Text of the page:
This is a show from an Icelandic theatre company about writing an application for arts funding. I’m curious to see if you can make an engaging show about arts admin and if the company do manage to oscillate “anarchy, sitcom and Beckettian gravity” as their blurb claims. If you don’t fancy the risk on that one, there are a couple of other Northern European shows in the programme – you might prefer the “epic and vaudevillesque” style of Wishful Beginnings by VERK Produksjoner from Norway or the “switch between dance and scattered questioning” is This is Not a Love Story by Swede Gunilla Heilborn.
It’s definitely worth booking something a little bit outside your comfort zone. It’s what festival’s are for!
I have mixed feelings about booking a ticket for A Midsummer Night’s Dream in the Bord Gais. Again, it’s a play that I like and it looks like a fun, playful production but I’m not a fan of seeing theatre in the grand scale of the Bord Gais. I’ve been spoilt by all our wonderful intimate theatre spaces in Dublin.
I’m also on the fence about It’s Not Over, THEATREclub’s vision of The Plough and The Stars by Sean O’Casey. Do I want to see another production of the The Plough? Can I sit through a four and a half hour production of The Plough? I’m not sure.
I’m willing to be persuaded about both of these, and probably most of the other festival offerings. Is there anything else I should have on my early bird booking list? What’s on your list?
Once my body decides it’s nap time I will fall asleep anywhere. Even if I don’t want to. Even if I am struggling to stay awake. I once attempted to nap while sitting on a high-stool in the kitchen at a house party. Someone sensibly put to bed before I took a tumble. I’m not a very sociable passenger because I’m likely to doze off in the passenger seat of the car, or the bus, train or plane. Any trip that’s over an hour long, I will have a little nap. My mum used to make fun of me for sleeping on the bus to and from work everyday. I didn’t see anything wrong with it.
While having a little snooze on the bus is reasonably acceptable, falling asleep in the theatre isn’t really. I don’t go to the theatre intending to fall asleep; it just happens. I’ll be watching a show, enjoying it even, when suddenly my head start to nob and I’m struggling to keep my eyes open. I can’t help it. I might rest my eyes and keep my ears trained on the stage, hoping that the drowsiness will pass, but I know I’ve kidding myself. Once I close my eyes, a cat-nap is not far behind. I’m more likely to fall asleep in matinees than evening performances. Maybe because it’s the perfect set-up for a nap – sitting in a comfy chair, in the middle of the afternoon, with the lights down low, while someone tells you a story. It sounds exactly like nap time! Suddenly falling asleep seems like the only logical thing to do.
Beckett has a particularly soporific effect on me. I’ve dozed off during two different productions of Happy Days, one staring the fabulous Fiona Shaw. I missed Lucky’s speech in Waiting For Godot, because I was asleep in the stalls in the Gaiety, not the most comfortable of seats. Actually maybe I can’t blame the comfortable chairs for my tendency to snooze because I managed a couple of micro-naps during SJ Company’s The Women Speak while perched on a table or a low school bench.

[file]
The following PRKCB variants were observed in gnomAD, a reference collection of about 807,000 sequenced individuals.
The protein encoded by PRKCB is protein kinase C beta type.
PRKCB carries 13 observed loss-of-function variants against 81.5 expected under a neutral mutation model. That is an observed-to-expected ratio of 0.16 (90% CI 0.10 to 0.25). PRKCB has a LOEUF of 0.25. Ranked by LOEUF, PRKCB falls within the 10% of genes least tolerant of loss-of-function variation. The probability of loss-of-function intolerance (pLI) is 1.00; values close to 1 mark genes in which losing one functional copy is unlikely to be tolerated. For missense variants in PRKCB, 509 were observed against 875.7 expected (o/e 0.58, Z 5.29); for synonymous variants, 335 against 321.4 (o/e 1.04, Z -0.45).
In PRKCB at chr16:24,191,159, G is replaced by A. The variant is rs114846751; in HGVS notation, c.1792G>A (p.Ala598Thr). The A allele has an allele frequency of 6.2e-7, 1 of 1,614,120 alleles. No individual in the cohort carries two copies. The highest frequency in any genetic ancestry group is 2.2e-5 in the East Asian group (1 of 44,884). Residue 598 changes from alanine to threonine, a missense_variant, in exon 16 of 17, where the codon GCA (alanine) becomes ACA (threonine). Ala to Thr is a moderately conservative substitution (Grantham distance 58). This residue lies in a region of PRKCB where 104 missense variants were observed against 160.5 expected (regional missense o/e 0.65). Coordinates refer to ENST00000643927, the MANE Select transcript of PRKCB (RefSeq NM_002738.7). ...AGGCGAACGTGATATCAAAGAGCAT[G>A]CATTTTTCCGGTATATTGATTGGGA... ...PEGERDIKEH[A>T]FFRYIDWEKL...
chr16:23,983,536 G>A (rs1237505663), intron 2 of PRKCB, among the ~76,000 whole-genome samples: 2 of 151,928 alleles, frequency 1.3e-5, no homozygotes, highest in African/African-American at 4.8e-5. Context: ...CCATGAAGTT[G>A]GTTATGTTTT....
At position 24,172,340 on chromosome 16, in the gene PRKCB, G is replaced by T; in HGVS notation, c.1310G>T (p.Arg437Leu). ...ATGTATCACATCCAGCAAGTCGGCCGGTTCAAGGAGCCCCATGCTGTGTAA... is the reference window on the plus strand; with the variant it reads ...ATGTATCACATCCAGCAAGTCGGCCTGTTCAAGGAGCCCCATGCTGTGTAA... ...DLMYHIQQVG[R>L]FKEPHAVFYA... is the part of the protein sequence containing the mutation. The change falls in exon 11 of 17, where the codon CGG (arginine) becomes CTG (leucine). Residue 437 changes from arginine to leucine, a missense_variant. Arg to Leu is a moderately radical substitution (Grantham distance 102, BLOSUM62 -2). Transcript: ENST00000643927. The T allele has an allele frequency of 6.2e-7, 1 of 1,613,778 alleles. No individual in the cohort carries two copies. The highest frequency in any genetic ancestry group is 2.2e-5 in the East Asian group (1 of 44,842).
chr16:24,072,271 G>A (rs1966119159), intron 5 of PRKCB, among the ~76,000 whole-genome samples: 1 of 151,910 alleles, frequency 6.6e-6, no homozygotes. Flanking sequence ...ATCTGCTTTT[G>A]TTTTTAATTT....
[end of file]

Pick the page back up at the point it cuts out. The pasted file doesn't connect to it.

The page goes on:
I’m always desperately hoping that no-one notice as my eyes close and my head nods closer and closer to my chest. I’d hate to insult anybody with my inability to stay awake. It’s not you, I want to tell them, it’s me! It’s not a criticism of the production, it’s just that my brain has a hard time concentrating on Beckett for any length of time. It’s trying to find a nice, neat story where there isn’t one and then it shuts down in self-defence. It just needs a little break, it will boot up again in a few minutes.
My poor tired brain found solace in Pan Pan‘s All That Fall. It’s a radio play so closing your eyes is totally acceptable, and with the rocking-chairs and cushions it practically encourages a gentle trip to dreamland. (Napping in the theatre will give you very trippy dreams.) I can’t remember if I fell asleep during All That Fall, probably because I wasn’t struggling against it, I was able to drift in and out of the story without guilt and I really liked that. It’s a radio play that you listen to from your rocking chair, surrounded by lots of other rocking chairs. Light plays an important part of the experience too as it soothes or startles at different points in the play. It’s definitely my favourite way to see/hear Beckett.
All The Fall is on the Abbey stage until the end of this week. For anyone in need of a lunchtime nap, there are €15 euros tickets for the 1pm show, if you quote “Bewley’s Offer” online or on the phone. Go and have a cerebral and completely acceptable nap at lunchtime. Afterwards, you’ll be able to tell everyone that you napped on the Abbey stage.
The Abbey’s symposium Theatre of Change is on this week and I’m really looking forward to it. The full timetable is on their website and there are lots of things I’m really interested in. I’m delighted to see #WakingTheFeminists on the bill and author Emer O’Toole, who will be talking about The Man Problem.